Also, whenever scale comes up, I think of this from Wendell Berry:
It is a formidable paradox that in order to achieve the sort of limitlessness we have begun to call sustainability, whether in human life or the other life of the ecosphere, strict limits must be observed. Enduring structures of household and family life, or the life of the community or the life of the country, cannot be formed except within limits. We must not outdistance local knowledge and affection, or the capacities of local persons to pay attention to details, to the “minute particulars” only by which, William Blake thought, we can do good to one another.
Within limits, we can think of rightness of scale. When the scale is right, we can imagine completeness of form.”
In other words, scale itself needn’t be the enemy; rightness of scale allows us to still pay attention to details, to measure how we do good to one another.
How do we find that rightness of scale?
Writer Ihnji Jon outlined a scale of political action that can serve either ever-expanding (globalized) or ever-narrowing (localized) as long as they are:
1) “subject to territorial conditions”,
2)”posses a degree of intensity that allows it to be influential across different systems”,
3) “are large enough to retain complexity that allows them to have interaction effects”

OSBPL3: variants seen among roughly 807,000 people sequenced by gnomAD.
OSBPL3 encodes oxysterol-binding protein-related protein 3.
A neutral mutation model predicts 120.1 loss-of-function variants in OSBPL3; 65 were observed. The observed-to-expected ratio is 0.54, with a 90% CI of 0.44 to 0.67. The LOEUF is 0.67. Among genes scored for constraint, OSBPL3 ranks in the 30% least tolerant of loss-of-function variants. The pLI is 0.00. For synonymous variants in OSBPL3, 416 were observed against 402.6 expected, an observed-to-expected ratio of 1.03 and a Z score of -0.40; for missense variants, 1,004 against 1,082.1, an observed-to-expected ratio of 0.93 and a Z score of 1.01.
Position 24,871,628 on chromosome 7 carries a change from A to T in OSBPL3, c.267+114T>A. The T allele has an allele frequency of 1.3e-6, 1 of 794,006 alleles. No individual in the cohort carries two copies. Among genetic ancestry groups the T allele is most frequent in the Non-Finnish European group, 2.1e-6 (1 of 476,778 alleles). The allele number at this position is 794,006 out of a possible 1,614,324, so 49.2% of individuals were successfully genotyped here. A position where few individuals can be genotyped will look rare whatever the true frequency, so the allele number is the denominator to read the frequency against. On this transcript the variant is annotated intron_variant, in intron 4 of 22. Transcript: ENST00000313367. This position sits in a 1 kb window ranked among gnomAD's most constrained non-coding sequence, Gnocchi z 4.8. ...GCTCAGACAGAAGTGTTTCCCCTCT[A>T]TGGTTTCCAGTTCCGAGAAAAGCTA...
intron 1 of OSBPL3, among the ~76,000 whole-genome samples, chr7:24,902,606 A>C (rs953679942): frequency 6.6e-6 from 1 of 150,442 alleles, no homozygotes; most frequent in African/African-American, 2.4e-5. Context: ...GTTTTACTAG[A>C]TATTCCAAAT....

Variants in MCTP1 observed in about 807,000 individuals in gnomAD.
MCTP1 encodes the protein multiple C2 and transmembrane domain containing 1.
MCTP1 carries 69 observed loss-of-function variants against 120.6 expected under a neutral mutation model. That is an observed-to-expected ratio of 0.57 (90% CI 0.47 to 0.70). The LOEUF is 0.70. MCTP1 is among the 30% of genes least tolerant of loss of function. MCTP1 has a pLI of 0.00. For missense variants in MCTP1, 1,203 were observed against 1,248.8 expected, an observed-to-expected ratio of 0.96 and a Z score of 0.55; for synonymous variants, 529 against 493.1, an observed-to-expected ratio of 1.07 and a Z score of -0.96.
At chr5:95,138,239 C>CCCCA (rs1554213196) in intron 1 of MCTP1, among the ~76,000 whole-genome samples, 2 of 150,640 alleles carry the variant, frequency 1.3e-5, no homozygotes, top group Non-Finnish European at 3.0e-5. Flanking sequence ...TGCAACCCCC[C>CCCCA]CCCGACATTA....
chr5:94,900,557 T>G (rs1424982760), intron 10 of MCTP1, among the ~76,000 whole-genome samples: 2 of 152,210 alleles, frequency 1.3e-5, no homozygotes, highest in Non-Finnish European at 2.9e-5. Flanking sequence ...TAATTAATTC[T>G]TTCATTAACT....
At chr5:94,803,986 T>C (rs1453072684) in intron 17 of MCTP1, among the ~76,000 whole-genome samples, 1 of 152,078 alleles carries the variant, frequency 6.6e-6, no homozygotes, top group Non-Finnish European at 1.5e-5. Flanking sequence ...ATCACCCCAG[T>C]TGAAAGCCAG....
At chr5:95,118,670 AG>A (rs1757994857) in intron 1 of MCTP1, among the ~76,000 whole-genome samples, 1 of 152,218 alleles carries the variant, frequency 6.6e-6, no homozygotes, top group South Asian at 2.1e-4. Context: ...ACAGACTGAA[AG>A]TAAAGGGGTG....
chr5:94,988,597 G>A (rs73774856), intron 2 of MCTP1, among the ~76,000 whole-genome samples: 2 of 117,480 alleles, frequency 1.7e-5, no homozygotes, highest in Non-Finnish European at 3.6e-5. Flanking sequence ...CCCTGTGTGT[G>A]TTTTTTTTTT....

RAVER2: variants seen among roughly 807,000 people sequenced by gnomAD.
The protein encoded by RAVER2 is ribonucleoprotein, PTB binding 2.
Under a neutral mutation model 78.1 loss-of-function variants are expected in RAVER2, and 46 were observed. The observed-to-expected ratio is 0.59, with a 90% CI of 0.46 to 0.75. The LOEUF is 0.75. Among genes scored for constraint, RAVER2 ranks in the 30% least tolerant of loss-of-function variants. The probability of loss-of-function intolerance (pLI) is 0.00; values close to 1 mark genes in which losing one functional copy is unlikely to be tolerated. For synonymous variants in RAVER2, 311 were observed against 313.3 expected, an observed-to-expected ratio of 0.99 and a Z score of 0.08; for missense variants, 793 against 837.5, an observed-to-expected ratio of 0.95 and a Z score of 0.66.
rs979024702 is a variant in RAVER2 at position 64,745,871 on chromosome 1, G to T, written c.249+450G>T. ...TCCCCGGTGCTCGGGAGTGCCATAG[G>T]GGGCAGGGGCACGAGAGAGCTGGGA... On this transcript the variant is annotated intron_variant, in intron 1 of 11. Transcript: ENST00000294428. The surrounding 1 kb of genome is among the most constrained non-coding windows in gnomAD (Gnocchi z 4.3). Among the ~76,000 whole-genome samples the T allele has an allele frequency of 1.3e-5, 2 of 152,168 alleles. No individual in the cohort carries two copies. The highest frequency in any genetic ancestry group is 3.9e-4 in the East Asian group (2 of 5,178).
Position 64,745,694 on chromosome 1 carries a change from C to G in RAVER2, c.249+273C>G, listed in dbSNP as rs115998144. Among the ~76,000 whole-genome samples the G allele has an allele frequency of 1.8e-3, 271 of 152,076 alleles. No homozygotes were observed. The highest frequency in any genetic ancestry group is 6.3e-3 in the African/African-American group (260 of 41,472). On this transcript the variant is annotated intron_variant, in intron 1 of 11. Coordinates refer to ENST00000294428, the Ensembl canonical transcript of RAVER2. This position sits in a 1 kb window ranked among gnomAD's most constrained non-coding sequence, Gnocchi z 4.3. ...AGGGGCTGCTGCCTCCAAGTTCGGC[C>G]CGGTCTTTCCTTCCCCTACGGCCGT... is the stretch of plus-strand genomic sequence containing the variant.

So as we think about farmers markets and community food systems, the right scale would keep the food system leaders able to pressure government to deal with the underlying issues, would encourage funding for localized active, inclusive democratic networks, would support communities to rebuild as slowly or quickly as they need and use local leadership in doing so, and most importantly would democratize all of the resources needed to create the new adapted normal. That would mean resiliency would be properly supported by functioning systems and would measure its spread as an opportunity to make real changes in that place, rather than celebrating it as a solution.
That could mean radically changing the emergency food system to reduce the bureaucracy of getting support when needed and increasing actual mutual aid, it could mean working to become the true center of inclusive civic spaces, it could mean engaging with the educational system to link regional food to childhood health, it could mean that regional climate initiatives become focused on food production and in championing the stewardship of local people…
All of that is possible, even if it is not yet probable. I hope to begin to outline examples of systemic thinking and scaled planning among farmers markets and their regional food system efforts on this site in 2022. Please share those you know about in the comments.
and lastly, I hope each of you takes some time the rest of this year to replenish your own reserves. Please do consider how you can engage with your community in ways that reduce the need for the reservoir of your resiliency to be emptied in each crisis and that increase your joy in the lovely way each of you does good to others in farmers market spaces.